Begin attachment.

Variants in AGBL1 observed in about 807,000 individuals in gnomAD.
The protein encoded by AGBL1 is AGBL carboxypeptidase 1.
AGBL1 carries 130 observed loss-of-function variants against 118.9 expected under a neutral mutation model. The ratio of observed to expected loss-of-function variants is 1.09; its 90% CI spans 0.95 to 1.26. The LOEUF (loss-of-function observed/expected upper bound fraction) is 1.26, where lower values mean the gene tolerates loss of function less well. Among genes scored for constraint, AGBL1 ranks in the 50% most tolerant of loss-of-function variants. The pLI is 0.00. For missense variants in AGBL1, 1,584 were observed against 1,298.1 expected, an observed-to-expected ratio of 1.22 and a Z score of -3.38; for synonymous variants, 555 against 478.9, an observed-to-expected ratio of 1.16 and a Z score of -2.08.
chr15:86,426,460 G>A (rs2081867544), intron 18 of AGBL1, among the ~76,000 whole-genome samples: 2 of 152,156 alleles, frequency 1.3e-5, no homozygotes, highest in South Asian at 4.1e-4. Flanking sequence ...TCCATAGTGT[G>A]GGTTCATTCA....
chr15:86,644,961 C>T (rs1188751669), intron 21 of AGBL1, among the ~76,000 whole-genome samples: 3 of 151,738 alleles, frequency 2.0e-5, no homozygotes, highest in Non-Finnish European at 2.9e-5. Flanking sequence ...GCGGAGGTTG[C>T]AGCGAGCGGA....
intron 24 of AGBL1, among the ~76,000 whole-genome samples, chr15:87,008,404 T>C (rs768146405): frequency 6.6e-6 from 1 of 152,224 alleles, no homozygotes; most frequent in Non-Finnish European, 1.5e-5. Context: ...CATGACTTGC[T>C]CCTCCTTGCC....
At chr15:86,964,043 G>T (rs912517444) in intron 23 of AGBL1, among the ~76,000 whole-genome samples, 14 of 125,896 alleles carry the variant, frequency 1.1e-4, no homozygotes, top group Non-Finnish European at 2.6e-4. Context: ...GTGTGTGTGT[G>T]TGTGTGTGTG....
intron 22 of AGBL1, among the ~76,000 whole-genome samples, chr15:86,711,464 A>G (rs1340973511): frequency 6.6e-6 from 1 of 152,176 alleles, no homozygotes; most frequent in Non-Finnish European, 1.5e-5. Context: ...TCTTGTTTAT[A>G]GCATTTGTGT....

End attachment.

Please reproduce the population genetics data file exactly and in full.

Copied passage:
Variants in AGBL1 observed in about 807,000 individuals in gnomAD.
The protein encoded by AGBL1 is AGBL carboxypeptidase 1.
AGBL1 carries 130 observed loss-of-function variants against 118.9 expected under a neutral mutation model. The ratio of observed to expected loss-of-function variants is 1.09; its 90% CI spans 0.95 to 1.26. The LOEUF (loss-of-function observed/expected upper bound fraction) is 1.26, where lower values mean the gene tolerates loss of function less well. Among genes scored for constraint, AGBL1 ranks in the 50% most tolerant of loss-of-function variants. The pLI is 0.00. For missense variants in AGBL1, 1,584 were observed against 1,298.1 expected, an observed-to-expected ratio of 1.22 and a Z score of -3.38; for synonymous variants, 555 against 478.9, an observed-to-expected ratio of 1.16 and a Z score of -2.08.
chr15:86,426,460 G>A (rs2081867544), intron 18 of AGBL1, among the ~76,000 whole-genome samples: 2 of 152,156 alleles, frequency 1.3e-5, no homozygotes, highest in South Asian at 4.1e-4. Flanking sequence ...TCCATAGTGT[G>A]GGTTCATTCA....
chr15:86,644,961 C>T (rs1188751669), intron 21 of AGBL1, among the ~76,000 whole-genome samples: 3 of 151,738 alleles, frequency 2.0e-5, no homozygotes, highest in Non-Finnish European at 2.9e-5. Flanking sequence ...GCGGAGGTTG[C>T]AGCGAGCGGA....
intron 24 of AGBL1, among the ~76,000 whole-genome samples, chr15:87,008,404 T>C (rs768146405): frequency 6.6e-6 from 1 of 152,224 alleles, no homozygotes; most frequent in Non-Finnish European, 1.5e-5. Context: ...CATGACTTGC[T>C]CCTCCTTGCC....
At chr15:86,964,043 G>T (rs912517444) in intron 23 of AGBL1, among the ~76,000 whole-genome samples, 14 of 125,896 alleles carry the variant, frequency 1.1e-4, no homozygotes, top group Non-Finnish European at 2.6e-4. Context: ...GTGTGTGTGT[G>T]TGTGTGTGTG....
intron 22 of AGBL1, among the ~76,000 whole-genome samples, chr15:86,711,464 A>G (rs1340973511): frequency 6.6e-6 from 1 of 152,176 alleles, no homozygotes; most frequent in Non-Finnish European, 1.5e-5. Context: ...TCTTGTTTAT[A>G]GCATTTGTGT....